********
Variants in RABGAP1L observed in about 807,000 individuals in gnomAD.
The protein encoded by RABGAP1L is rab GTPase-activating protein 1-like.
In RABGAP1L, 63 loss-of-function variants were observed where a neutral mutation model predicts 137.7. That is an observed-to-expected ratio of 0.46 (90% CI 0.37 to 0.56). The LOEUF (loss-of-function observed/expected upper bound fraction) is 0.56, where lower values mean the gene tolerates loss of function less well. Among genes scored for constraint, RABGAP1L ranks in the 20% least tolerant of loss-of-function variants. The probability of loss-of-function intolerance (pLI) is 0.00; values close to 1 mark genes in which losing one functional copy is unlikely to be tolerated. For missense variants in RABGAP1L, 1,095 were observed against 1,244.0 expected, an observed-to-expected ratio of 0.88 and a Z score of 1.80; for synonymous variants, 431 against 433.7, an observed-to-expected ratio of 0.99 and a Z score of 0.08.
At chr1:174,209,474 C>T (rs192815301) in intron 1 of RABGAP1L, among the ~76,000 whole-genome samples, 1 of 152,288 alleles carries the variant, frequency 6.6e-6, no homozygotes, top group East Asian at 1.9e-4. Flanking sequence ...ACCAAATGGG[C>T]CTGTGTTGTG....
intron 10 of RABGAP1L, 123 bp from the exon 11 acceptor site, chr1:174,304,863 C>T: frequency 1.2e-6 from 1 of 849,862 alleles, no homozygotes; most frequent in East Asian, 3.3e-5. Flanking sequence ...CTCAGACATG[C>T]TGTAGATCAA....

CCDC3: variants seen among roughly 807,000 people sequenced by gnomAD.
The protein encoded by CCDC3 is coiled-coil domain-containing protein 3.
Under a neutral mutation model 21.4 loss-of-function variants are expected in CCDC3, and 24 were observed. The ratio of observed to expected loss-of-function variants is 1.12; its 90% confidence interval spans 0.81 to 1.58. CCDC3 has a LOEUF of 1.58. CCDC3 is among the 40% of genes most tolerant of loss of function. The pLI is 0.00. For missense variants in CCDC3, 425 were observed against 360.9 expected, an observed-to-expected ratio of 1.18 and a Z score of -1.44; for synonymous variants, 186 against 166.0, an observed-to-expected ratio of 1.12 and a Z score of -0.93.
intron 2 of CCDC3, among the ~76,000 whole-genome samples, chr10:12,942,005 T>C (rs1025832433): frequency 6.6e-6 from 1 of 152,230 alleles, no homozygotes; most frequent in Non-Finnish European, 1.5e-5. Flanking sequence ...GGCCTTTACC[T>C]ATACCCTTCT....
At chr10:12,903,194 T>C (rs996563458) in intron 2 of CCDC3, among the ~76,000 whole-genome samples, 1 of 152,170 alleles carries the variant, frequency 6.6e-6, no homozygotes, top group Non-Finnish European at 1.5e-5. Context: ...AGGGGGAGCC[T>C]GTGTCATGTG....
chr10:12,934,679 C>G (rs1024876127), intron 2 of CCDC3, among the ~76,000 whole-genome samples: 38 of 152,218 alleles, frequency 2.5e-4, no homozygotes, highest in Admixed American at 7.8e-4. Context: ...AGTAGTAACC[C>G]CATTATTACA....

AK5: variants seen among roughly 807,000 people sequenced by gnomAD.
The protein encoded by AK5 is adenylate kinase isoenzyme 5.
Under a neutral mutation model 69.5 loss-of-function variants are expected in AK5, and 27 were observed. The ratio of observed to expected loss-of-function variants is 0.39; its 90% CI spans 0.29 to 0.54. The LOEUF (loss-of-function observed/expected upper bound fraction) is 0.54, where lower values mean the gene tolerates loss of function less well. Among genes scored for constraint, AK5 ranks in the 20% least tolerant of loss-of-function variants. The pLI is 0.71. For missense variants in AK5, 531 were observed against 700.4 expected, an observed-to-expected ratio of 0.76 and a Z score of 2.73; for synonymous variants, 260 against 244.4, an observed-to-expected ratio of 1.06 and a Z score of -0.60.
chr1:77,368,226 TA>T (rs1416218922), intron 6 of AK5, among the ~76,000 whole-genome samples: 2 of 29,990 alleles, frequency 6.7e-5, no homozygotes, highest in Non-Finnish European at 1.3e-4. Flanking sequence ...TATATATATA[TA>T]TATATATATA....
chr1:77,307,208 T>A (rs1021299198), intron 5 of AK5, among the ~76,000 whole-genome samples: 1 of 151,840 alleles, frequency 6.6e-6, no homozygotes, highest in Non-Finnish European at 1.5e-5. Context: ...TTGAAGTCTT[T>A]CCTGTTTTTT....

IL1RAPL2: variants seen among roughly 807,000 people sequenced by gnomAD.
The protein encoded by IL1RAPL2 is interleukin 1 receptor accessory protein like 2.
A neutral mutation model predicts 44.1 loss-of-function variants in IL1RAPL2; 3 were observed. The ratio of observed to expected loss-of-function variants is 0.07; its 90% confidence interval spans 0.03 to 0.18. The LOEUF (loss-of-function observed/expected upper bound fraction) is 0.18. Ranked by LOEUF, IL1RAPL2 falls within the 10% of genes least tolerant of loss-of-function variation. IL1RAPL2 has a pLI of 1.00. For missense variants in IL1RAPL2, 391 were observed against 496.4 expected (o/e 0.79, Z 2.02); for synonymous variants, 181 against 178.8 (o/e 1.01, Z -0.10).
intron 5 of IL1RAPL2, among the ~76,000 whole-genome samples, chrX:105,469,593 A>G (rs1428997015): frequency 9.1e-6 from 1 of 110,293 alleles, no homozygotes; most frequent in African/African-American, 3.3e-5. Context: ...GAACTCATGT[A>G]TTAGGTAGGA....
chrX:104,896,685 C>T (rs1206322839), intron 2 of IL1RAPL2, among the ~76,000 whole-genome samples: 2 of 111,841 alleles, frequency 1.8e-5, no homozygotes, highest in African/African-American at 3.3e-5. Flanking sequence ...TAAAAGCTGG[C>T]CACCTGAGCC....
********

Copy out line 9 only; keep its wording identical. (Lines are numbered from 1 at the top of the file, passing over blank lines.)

intron 2 of CCDC3, among the ~76,000 whole-genome samples, chr10:12,942,005 T>C (rs1025832433): frequency 6.6e-6 from 1 of 152,230 alleles, no homozygotes; most frequent in Non-Finnish European, 1.5e-5. Flanking sequence ...GGCCTTTACC[T>C]ATACCCTTCT....